If you’re considering a new, successful career, check out a career in heating, ventilation and air conditioning. HVAC careers are continuing to grow in popularity, according to the U.S. Bureau of Labor Statistics, which predicts careers in this industry will grow by 13 percent by 2028.
People interested in HVAC quickly discover why these careers are growing so quickly. One is homeowners taking advantage of government incentives to upgrade to more energy-efficient comfort systems. There's also the transition away from R-22 Freon®, which affects old models. Finally, there’s the ever-changing real estate market exacerbated by a property shortage that’s increased the availability of new construction homes.
You can join this rewarding industry by becoming an HVAC technician. Learn more about their skill set, how to become one and about how much you can expect to make.
What Is an HVAC Technician?
A HVAC technician possesses the knowledge and skills to service heating and cooling systems. Most technicians will earn experience on equipment in both homes and commercial properties. And, most importantly, you’ll receive a comprehensive education about:
- Air conditioners
- Mini-splits and heat pumps
- Thermostats and home zoning
- Indoor air quality products such as air filters and air purification systems
Some are HVAC-R technicians, meaning they also have experience with refrigeration.
Is There a Shortage of HVAC Technicians?
Experienced HVAC technicians are increasingly sought after because of an industry shortage of labor. This shortage is because of several things, such as more retirements and competition from other industries. It's also more likely for young people to start pursuing college degrees instead of a licensed trade like HVAC.
Is HVAC a Hard Career?
While HVAC can be physically demanding, it can still be quite gratifying. As a technician should be able to:
- Work in uncomfortable settings, including tight or messy spaces.
- Work in inclement weather since HVAC systems are usually outdoors.
- Work evenings, weekends and overtime around peak demand.
A stubborn falsehood about HVAC is that it’s a blue-collar career. It requires a specific skill set, specialized education and periodic recertification.
It’s a great career choice if you want to:
- Avoid a lot of student debt.
- Avoid working at a desk or in an office.
- Have job security knowing your position can’t be outsourced.
- Be your own boss and work toward starting your own successful business.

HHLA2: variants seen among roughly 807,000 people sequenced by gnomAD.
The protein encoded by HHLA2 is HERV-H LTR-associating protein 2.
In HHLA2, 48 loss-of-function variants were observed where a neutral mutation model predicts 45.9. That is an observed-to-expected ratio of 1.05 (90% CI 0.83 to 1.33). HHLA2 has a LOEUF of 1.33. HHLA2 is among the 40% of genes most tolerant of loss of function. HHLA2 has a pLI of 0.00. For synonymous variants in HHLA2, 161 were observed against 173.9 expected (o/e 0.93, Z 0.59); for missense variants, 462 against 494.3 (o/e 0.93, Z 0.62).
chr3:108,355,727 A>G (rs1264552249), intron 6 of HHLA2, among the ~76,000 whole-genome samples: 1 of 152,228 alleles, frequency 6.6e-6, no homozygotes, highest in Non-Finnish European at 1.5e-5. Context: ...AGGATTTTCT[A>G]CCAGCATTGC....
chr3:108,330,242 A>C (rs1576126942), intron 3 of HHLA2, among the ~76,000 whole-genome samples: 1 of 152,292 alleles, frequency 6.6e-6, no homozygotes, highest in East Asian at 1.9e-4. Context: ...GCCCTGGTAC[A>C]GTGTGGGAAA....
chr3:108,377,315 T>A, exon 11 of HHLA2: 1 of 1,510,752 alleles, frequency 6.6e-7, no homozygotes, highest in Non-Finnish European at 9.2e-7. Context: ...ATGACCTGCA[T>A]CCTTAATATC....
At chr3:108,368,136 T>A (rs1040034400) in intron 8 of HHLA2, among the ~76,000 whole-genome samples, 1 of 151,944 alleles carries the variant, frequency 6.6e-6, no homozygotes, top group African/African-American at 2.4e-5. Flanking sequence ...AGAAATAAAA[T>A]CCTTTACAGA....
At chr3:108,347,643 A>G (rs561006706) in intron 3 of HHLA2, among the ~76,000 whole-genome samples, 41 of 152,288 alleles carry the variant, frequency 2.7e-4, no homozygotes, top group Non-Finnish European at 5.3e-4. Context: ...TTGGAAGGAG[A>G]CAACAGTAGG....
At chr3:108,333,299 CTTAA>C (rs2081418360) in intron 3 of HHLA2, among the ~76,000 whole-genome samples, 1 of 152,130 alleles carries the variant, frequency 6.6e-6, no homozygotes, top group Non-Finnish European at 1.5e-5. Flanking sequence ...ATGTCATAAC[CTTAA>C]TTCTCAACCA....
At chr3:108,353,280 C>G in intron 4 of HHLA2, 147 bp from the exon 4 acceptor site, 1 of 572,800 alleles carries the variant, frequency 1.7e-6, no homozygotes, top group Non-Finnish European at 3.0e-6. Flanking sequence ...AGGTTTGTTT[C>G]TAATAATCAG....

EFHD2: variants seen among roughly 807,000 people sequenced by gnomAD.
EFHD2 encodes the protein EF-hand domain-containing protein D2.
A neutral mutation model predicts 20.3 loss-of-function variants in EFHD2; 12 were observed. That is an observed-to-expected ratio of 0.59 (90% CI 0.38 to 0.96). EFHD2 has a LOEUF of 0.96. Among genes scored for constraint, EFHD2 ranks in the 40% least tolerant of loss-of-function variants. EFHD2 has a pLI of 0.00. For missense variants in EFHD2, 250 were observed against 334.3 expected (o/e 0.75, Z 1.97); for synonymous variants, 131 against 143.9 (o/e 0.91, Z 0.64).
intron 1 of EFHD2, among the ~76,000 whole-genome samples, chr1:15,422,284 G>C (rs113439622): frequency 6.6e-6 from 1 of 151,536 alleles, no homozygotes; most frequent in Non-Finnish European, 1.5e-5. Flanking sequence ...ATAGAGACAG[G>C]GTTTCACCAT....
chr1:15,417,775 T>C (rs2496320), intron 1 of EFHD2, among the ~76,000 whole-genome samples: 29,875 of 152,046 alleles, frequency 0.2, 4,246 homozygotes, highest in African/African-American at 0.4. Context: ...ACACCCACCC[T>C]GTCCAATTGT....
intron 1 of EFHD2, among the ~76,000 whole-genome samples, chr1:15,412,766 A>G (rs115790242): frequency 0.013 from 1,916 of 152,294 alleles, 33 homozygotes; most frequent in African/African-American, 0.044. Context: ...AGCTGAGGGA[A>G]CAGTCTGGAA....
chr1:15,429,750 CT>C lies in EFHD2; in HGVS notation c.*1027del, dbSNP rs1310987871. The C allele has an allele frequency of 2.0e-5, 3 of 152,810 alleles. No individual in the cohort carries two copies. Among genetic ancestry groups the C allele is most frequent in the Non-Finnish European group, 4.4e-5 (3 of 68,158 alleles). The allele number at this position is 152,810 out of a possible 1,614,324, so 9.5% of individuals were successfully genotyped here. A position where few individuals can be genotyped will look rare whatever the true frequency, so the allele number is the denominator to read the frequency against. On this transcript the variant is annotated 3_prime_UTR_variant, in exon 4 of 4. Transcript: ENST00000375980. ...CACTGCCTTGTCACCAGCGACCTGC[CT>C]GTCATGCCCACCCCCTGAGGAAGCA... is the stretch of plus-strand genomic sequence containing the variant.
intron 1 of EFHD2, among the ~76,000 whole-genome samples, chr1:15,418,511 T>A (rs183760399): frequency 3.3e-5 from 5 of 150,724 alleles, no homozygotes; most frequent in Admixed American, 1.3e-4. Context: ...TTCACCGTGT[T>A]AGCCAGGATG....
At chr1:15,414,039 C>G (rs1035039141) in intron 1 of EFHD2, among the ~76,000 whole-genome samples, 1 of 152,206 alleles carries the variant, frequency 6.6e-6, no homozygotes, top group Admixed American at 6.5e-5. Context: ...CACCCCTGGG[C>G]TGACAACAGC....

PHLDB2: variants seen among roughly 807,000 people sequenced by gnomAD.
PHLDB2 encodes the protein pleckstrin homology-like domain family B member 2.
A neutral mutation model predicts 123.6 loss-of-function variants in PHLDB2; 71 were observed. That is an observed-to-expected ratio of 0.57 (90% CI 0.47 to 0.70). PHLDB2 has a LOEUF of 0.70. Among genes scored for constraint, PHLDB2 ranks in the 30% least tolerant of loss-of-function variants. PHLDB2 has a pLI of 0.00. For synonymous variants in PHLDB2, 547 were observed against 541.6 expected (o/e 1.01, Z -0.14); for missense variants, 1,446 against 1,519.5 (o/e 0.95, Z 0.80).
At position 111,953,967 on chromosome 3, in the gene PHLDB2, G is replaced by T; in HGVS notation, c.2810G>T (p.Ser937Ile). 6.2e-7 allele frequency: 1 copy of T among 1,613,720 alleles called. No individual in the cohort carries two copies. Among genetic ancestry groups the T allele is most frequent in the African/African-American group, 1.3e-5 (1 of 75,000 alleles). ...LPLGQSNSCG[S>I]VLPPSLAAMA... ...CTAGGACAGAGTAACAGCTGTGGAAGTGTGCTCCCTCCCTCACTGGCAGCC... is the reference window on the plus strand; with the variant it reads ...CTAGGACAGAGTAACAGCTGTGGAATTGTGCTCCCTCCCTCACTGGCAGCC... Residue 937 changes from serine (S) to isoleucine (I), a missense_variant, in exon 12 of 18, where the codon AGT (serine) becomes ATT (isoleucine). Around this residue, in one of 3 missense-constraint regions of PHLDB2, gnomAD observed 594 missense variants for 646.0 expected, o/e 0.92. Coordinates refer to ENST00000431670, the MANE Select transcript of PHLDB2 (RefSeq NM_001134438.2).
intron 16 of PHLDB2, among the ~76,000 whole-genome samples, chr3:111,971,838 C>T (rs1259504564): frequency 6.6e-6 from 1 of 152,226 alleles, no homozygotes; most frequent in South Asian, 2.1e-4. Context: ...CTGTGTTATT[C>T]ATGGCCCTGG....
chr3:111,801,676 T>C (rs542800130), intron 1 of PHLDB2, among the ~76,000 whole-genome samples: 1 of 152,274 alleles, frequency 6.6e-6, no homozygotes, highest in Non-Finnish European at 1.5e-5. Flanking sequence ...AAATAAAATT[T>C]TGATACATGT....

Is HVAC a Stressful Job?
Any job can be stressful. HVAC technicians handle complex equipment and must sometimes deal with cramped or uncomfortable working conditions. Appropriate experience and tools are helpful when resolving these concerns. What’s more, paid training and a stable workload help people in the HVAC industry reduce some of the most common sources of work-related stress.
Is HVAC Hard on Your Body?
Carrying heavy equipment and performing repetitive motions are two common reasons HVAC can be physically demanding. Getting to specialized types of equipment can be strenuous. HVAC work can be very physical, and you may benefit from a healthy diet and exercise regimen to stay in good shape.
Would a Recession Impact HVAC Jobs?
While a recession can affect any industry, HVAC is particularly resilient due to the widespread use of heating and cooling equipment. Repairs and installation are always necessary, , which means professionals in HVAC can often find work in more places than other industries.
Is HVAC a Good Career for the Future?
As HVAC systems continue to advance, professional servicing will become even more important. New forms of heating and cooling systems use less energy or generate it from renewable sources such as solar and wind. Greener HVAC equipment will continue to grow in popularity, as will the need for competent HVAC professionals.
How to Become an HVAC Technician
To learn everything you need to become an HVAC technician, you’ll need a high school diploma or GED along with specialized training. Other, more specific (and higher paying) HVAC careers typically need additional education or certifications.
Earn certifications by signing up for classes at a community college or trade school. How much time is needed to become an HVAC technician relies on the program, which generally lasts between six months to two years. Your employer might also require NATE certification. Standing for North American Technician Excellence, this key accreditation further develops your technical knowledge to maximize your capabilities.